Grasslands are found in every region of the world; Sub-Saharan Africa and Asia have the largest total area in grassland, 14.5 and 8.9 million km2 respectively (White et al., 2000). The five countries with the largest grassland area are Australia, the Russian Federation, China, the United States, and Canada. Dry land degradation may be the most severe anthropic modification of grassland ecosystems (Graetz, 1994). Domestic animals generate effects that may be either positive or negative, particularly in relation to different stocking densities and different grassland environments. Grasslands and populations of wild ungulates have coexisted for millions of years (White et al., 2000). Indeed, their emergence and subsequent adaptive radiation has been described as “among the most thoroughly documented evolutionary patterns in the fossil record” (Frank et al., 1998:519). A comparison of the grazing of grasslands by wild ungulates and domestic livestock underlines important transformations in grassland ecosystems. The primary goal of domestic animal husbandry is to maximize animal biomass, and a range of different tools (e.g., supplemental feeding, veterinary care) are used to achieve this, with the end result being a generally higher biomass of domestic as opposed to wild animals on grasslands (Frank et al., 1998). Oesterheld et al. (1992) found that, after controlling for primary productivity, the biomass of domestic animals is up to an order of magnitude higher than that of wild grazers. At high densities, grazing animals can change the floristic composition and structural characteristics of vegetation, reduce biodiversity, and increase soil erosion; in extreme situations, grazing may eliminate much vegetation cover (Evans, 1998). The extent to which these changes occur may depend not only on the number of livestock but also on the pattern of their grazing. As noted by Van de Koppel et al. (1997), many terrestrial grazing systems across the world have proved to be vulnerable to changes in grazing pressure. Increase in human population size has resulted in increasing grazing pressure by domestic animals in many parts of the world. Ultimately, this pressure will lead to environmental degradation (Cingolani et al., 2005). Grassland degradation can be defined as a process (including any change) in which rangeland quality declines to such a level that surface vegetation has been fragmented as a result of excessive human activities and/or unfavourable natural conditions (Li, 1997). Its manifestation includes initial lowering of rangeland productivity, fragmentation of grass cover, reduction in soil fertility, soil compaction, an increase in unpalatable grass species or a combination of all of these factors. Hence, rangeland degradation is detrimental to rangeland health and undermines animal husbandry. Rangeland degradation as directly affects the livelihood of pastoralists dependent on these ecosystems, but also indirectly affects people affected by its climatic, hydrologic and economic outcomes (Harris, 2010).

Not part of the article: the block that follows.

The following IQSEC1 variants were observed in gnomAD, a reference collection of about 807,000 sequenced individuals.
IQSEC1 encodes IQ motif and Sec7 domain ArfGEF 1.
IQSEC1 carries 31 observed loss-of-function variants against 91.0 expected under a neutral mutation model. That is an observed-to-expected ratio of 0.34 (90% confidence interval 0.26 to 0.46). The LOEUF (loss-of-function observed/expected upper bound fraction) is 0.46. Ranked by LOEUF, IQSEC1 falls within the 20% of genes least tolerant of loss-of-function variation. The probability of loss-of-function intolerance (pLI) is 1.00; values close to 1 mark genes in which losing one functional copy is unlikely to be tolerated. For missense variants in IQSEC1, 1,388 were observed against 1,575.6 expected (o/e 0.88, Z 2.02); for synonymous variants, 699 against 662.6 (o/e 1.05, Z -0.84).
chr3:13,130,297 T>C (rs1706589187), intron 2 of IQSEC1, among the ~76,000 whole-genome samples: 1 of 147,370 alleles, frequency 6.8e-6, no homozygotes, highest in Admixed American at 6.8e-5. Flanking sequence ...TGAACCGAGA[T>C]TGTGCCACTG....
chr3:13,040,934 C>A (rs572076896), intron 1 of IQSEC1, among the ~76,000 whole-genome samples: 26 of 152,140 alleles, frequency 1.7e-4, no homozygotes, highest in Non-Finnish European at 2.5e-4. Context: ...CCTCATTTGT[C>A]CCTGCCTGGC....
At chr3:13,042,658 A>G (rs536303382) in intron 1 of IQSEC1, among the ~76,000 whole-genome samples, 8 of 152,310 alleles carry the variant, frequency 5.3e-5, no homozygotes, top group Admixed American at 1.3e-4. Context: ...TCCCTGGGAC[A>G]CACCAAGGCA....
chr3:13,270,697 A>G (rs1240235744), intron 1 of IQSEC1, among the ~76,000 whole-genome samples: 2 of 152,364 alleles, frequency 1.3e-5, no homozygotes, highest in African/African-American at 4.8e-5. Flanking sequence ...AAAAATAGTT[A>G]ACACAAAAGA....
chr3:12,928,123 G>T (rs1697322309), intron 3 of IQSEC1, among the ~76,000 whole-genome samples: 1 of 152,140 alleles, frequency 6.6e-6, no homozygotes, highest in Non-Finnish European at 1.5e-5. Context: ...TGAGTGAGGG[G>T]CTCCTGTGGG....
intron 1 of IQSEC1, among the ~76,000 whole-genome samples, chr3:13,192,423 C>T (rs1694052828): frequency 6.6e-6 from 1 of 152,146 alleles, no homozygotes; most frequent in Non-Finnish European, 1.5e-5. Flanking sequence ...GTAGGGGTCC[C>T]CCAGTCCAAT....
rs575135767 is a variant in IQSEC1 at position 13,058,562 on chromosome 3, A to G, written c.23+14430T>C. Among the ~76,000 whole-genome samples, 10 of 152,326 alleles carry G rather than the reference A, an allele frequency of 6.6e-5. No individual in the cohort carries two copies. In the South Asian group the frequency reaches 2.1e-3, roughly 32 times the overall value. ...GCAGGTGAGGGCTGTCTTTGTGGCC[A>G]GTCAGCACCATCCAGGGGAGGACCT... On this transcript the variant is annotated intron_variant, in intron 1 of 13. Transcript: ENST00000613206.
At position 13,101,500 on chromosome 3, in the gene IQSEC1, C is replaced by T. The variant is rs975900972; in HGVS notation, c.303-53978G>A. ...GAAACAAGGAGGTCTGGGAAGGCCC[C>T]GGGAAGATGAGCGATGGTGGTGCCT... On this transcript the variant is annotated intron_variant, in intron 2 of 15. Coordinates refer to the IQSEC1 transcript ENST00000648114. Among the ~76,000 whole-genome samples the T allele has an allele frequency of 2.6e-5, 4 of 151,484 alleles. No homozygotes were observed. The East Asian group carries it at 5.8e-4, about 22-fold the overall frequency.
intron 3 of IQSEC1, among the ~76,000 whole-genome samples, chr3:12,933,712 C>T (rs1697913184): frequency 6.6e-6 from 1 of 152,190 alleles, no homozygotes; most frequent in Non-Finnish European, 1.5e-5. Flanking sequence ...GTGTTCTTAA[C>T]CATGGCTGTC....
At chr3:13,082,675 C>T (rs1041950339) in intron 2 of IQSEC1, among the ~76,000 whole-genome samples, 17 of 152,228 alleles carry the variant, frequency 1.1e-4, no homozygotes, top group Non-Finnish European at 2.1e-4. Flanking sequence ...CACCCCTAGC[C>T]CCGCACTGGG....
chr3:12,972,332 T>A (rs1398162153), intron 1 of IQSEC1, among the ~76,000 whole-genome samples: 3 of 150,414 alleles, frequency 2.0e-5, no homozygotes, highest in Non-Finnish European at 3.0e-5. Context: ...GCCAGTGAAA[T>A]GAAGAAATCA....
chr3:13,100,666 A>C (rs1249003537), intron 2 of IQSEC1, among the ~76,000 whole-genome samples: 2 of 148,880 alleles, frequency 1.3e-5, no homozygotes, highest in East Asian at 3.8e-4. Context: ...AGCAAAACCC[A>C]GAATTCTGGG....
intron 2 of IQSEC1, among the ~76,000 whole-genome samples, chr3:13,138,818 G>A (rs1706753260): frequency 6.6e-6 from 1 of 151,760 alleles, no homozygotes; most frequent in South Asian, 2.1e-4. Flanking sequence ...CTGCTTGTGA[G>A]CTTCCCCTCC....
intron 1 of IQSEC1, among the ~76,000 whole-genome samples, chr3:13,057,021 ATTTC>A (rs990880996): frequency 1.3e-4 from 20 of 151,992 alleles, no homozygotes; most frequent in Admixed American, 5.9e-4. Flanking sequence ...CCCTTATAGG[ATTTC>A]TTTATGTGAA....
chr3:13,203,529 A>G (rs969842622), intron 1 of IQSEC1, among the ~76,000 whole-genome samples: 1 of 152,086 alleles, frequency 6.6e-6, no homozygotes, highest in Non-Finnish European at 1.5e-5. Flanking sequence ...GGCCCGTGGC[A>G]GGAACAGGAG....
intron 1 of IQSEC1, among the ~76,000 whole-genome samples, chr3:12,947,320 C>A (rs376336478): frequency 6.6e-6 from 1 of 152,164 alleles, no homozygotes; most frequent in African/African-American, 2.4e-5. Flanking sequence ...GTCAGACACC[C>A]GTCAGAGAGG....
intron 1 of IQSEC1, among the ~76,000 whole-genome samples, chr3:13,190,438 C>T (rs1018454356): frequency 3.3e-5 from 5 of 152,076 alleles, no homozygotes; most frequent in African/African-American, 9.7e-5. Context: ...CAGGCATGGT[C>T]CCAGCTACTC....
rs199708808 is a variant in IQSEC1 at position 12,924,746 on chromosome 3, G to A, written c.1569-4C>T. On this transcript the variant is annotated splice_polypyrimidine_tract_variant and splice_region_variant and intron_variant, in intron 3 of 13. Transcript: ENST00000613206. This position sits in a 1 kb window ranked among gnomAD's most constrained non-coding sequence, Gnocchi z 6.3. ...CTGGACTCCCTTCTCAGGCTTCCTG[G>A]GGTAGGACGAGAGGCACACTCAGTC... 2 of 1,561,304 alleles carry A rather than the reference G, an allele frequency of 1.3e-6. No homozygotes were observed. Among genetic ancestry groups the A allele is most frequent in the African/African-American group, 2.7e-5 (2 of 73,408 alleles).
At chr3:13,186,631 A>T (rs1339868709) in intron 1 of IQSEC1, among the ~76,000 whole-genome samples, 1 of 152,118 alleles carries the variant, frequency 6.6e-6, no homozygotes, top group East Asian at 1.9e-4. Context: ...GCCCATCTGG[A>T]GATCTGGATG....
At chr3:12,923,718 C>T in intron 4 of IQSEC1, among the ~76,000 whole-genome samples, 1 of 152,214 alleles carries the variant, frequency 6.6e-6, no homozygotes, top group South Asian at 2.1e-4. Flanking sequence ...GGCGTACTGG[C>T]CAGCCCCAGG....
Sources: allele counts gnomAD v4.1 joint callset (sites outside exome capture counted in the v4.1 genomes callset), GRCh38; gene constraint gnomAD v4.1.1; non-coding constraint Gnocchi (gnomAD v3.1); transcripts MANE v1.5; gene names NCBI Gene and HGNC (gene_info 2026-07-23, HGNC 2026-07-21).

Grazing lands are possibly “the most degraded land use type in the world” (Papanastasis, 2009: 441). Destruction of vegetation and subsequent degradation have been related to increased livestock grazing pressure in grasslands in Africa, south-western USA, the Russian Federation and China (Van de Koppel et al., 1997). Grasslands in America and Australia cannot easily be restored simply by lowering the level of grazing animals. White et al. (2000) reported that indicators of soil condition showed that more than half of the grassland area in the world had some degree of soil degradation; nearly 49 percent were lightly to moderately degraded and over 5 percent of these grasslands were considered to be extremely degraded. Lund (2007) reported that the amount of the world’s grassland that is considered to be degraded ranges from 20% to 73%. The spatial patterns of herding of domestic animals by humans differ from the movements of wild ungulates and tend to result in more concentrated use of grasslands (Frank et al., 1998; McNaughton, 1993). Thus, the densities of domestic animals may be much higher than those of wild ungulates, and their grazing patterns may inhibit the recovery of defoliated grasses. Historical records suggest evidence of large-scale soil degradation in many areas of the world over the past 5,000 years (Scherr, 1999). White et al. (2000) suggest that the extent and severity of soil degradation has increased markedly in recent decades – such effects are especially pronounced on the QTP.